One of the reasons I enjoy straddling the science fiction / fantasy line with Above Ground is that I have the chance to play with werewolves and high-tech gadgets at the same time.
Much of the world building and gadgetry of the story has existed in my mind for years… so it gave me a very strange sense of deja vu when, throughout the course of writing, I stumbled across the same concepts.
Take Google’s Project Glass.
In Chapter 10 of Above Ground, Emma is harassed by a blogger/journalist called Mike, who suspects her of being involved in a government plot. He wears a pair of sunglasses that double up as a computer, very similar to what Google envisioned.
Excerpt from Chapter 10:
Mike touched his glasses, adjusting whatever screen he was reading. “You touched out on this level,” he said, “but there was no record of you touching in.”
“You got that information illegally,” Emma said, nervous. “The privacy acts—”
“So you don’t deny it?”
“I’m not a fare evader,” she replied. “I paid for my fare in cash, and forgot that I didn’t need to touch out.”
“It’s archaic, not illegal.” Or so Emma hoped. If Liam had lied to her….
“Either way, I don’t really care,” Mike said, dismissive. “I’m not writing that piece anymore, not when there’s a bigger story out there. The theatre,” he added, once again flipping through screens on his glasses. “I ran checks. You’re the only one who went above ground this morning who has come back. The only traceable one, anyway. If you hadn’t touched out, I wouldn’t have found you.”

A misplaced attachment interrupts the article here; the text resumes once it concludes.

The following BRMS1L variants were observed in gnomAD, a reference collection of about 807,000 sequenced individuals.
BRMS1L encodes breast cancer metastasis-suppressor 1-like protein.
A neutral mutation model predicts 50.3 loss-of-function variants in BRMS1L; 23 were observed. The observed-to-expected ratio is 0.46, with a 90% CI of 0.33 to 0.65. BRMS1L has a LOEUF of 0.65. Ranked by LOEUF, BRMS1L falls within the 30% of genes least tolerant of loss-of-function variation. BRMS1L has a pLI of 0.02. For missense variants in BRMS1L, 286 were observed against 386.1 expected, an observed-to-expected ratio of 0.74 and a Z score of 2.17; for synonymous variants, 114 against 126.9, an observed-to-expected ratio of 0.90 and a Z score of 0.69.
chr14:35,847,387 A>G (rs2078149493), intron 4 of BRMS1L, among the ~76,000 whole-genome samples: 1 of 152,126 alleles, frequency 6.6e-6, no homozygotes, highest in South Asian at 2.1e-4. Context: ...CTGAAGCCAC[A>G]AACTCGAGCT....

He pulled his glasses down for the first time. His eyes were small, bloodshot, the blue pupils fixed on Emma. “You bought two tickets to the theatre; I know you were there. Tell me what you saw. Give me the exclusive, and I’ll make you look like a hero.”
Check out Google’s version:
Then there’s the Nokia 888
In Above Ground, phone are flexible, adaptable, and shape shifting. Snap them onto your wrist. Project holographic screens. Unfold them into normal phones. Clip them onto your belt.
Excerpt from Chapter 4:
King’s phone beeped. He glanced down, read the message without unsnapping the phone from his wrist. He’d opted for the latest model—a thin, flexible strip of smart plastic which could be worn almost anywhere—and the sight of it made Emma long for her own phone, as inconvenient and bulky as it was. She felt naked without it, defenceless. The thought of being locked up in this tiny room, cut off from the world with no means to call for help, was terrifying.
And lo and behold:
Rather than feeling bummed about my ideas lacking originality, I’m intrigued by how similarly people think. It is pretty incredible how quickly technology develops.
Although, really, if all our predictions came true, we’d already be driving around in flying cars.
…maybe next year.